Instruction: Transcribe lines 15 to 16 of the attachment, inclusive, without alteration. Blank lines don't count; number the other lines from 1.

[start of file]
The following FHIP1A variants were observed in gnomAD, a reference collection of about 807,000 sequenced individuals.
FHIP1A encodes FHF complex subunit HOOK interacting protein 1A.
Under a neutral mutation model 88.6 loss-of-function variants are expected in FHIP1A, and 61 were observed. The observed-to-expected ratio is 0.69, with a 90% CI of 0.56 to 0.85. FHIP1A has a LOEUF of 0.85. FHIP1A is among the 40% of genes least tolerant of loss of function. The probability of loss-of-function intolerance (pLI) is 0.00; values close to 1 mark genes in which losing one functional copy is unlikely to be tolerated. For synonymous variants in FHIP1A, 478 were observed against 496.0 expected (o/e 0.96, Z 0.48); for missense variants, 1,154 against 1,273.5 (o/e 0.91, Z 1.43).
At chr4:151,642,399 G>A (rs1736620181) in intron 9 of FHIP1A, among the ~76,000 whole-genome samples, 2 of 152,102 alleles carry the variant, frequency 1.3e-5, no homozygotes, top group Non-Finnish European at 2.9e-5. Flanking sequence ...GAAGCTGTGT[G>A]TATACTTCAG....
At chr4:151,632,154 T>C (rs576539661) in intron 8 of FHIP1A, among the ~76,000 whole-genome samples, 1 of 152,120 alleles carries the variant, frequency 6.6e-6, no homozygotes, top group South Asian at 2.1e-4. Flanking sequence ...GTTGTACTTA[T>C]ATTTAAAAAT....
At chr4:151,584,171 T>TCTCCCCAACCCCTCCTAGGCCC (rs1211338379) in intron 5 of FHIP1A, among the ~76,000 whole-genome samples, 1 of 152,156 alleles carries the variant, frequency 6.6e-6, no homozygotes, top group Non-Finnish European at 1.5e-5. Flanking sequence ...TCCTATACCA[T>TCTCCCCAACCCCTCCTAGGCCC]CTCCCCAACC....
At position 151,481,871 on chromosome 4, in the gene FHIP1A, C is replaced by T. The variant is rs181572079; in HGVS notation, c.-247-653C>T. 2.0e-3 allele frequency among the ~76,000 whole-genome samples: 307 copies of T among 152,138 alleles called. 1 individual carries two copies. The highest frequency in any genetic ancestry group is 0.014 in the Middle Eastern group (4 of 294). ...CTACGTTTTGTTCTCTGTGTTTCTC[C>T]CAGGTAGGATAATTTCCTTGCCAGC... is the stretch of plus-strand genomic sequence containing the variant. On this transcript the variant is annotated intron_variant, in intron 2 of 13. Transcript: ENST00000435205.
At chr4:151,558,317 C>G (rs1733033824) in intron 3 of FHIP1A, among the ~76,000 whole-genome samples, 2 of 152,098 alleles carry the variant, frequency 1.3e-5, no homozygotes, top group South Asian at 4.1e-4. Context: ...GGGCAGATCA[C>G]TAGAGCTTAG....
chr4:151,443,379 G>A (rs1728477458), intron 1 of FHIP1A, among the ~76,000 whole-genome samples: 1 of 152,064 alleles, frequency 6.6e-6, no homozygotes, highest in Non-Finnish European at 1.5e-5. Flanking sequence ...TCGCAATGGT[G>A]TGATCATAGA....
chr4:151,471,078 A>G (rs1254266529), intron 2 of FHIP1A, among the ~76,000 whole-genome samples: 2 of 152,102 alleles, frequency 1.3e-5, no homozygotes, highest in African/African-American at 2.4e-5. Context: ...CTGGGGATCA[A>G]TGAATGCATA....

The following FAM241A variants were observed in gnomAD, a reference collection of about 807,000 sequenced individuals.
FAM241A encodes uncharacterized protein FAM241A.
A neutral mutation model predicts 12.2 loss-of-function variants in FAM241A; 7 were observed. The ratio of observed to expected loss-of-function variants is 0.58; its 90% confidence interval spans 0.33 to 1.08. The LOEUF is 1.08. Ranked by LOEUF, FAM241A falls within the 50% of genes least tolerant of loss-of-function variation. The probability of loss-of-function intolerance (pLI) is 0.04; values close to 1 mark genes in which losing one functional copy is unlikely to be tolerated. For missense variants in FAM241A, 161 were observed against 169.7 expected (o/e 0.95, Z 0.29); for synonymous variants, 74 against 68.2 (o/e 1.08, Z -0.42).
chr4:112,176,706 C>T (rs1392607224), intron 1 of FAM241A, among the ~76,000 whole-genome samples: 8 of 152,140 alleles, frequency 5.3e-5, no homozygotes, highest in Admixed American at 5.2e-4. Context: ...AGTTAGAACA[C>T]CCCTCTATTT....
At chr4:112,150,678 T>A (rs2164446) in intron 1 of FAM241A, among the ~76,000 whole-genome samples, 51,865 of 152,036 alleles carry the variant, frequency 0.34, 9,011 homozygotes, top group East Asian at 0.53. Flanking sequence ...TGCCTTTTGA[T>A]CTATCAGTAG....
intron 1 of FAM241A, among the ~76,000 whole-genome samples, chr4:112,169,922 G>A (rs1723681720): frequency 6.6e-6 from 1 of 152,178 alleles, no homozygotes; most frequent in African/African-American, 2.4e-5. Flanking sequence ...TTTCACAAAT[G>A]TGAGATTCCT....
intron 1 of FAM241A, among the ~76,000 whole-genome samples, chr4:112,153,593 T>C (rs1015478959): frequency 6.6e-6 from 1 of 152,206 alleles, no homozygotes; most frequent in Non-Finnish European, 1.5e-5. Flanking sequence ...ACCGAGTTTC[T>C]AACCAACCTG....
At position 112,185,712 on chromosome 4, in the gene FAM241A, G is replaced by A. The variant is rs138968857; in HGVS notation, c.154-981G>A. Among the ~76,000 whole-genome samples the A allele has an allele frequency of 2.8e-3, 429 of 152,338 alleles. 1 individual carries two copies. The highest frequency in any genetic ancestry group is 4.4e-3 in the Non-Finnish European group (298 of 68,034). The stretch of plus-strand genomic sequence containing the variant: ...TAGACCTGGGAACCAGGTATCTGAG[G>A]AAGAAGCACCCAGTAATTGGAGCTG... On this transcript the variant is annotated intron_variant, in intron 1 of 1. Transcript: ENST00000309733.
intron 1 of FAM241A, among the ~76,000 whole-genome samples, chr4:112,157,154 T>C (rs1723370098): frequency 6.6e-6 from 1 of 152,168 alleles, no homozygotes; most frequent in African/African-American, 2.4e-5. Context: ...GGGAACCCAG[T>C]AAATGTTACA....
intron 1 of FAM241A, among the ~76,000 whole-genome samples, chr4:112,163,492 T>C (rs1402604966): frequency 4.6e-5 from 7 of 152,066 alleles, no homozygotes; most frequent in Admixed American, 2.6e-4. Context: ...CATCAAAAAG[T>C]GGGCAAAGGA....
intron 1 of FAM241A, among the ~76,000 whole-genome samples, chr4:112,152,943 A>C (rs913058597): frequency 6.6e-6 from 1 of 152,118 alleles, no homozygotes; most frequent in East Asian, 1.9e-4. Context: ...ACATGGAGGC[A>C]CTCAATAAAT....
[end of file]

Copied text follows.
At chr4:112,150,678 T>A (rs2164446) in intron 1 of FAM241A, among the ~76,000 whole-genome samples, 51,865 of 152,036 alleles carry the variant, frequency 0.34, 9,011 homozygotes, top group East Asian at 0.53. Flanking sequence ...TGCCTTTTGA[T>A]CTATCAGTAG....
intron 1 of FAM241A, among the ~76,000 whole-genome samples, chr4:112,169,922 G>A (rs1723681720): frequency 6.6e-6 from 1 of 152,178 alleles, no homozygotes; most frequent in African/African-American, 2.4e-5. Flanking sequence ...TTTCACAAAT[G>A]TGAGATTCCT....